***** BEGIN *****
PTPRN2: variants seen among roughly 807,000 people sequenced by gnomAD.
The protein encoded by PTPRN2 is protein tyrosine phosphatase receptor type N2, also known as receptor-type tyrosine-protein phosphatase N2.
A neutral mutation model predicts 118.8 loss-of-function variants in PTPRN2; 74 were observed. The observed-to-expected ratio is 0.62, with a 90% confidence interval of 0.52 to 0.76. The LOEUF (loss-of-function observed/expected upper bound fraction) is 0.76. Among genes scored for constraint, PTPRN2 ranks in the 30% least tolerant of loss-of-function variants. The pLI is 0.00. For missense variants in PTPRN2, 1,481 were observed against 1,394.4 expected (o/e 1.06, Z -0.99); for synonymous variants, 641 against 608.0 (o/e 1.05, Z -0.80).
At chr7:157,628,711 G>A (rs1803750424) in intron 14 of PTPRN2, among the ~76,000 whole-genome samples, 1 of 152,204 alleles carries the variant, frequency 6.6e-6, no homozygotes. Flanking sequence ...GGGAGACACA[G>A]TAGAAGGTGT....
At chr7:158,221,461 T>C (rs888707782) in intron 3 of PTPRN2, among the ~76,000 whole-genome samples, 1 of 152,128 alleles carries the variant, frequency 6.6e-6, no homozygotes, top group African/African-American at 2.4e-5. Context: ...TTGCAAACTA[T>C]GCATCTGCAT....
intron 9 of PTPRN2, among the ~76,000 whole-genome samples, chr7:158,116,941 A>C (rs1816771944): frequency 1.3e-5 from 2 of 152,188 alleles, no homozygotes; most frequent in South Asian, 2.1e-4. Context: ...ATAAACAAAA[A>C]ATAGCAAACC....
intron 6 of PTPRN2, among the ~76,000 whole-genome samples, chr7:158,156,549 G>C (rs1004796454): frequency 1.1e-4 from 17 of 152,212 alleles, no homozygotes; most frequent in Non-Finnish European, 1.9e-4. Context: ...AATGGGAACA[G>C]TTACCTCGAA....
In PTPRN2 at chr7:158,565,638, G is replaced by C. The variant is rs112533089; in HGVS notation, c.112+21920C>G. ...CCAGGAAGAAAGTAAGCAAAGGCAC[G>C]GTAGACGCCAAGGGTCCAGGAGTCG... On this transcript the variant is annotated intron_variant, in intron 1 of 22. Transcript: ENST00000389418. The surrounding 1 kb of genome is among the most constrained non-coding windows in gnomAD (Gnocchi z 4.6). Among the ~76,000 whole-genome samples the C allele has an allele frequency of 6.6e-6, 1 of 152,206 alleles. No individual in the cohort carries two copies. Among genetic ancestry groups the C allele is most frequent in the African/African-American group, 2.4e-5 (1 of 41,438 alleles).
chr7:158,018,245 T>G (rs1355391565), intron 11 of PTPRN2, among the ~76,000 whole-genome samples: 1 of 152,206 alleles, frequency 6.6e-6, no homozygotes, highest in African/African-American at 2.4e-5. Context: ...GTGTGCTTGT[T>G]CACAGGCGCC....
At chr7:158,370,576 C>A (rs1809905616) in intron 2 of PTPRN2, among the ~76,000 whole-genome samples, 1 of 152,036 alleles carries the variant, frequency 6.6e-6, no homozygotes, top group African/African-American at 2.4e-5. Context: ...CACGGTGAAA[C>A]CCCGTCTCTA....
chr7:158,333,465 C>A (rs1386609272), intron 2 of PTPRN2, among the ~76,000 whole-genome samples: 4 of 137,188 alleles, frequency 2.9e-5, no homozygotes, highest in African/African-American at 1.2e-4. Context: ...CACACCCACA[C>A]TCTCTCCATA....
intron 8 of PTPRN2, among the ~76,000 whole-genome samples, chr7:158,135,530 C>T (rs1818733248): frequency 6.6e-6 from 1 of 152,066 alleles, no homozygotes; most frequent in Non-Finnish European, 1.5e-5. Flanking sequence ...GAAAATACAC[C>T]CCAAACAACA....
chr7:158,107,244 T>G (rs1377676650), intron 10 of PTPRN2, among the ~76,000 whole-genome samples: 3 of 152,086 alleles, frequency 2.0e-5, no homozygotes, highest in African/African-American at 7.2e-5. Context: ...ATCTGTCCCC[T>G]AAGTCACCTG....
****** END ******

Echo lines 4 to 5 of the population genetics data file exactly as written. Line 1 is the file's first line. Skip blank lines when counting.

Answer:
At chr7:157,628,711 G>A (rs1803750424) in intron 14 of PTPRN2, among the ~76,000 whole-genome samples, 1 of 152,204 alleles carries the variant, frequency 6.6e-6, no homozygotes. Flanking sequence ...GGGAGACACA[G>A]TAGAAGGTGT....
At chr7:158,221,461 T>C (rs888707782) in intron 3 of PTPRN2, among the ~76,000 whole-genome samples, 1 of 152,128 alleles carries the variant, frequency 6.6e-6, no homozygotes, top group African/African-American at 2.4e-5. Context: ...TTGCAAACTA[T>C]GCATCTGCAT....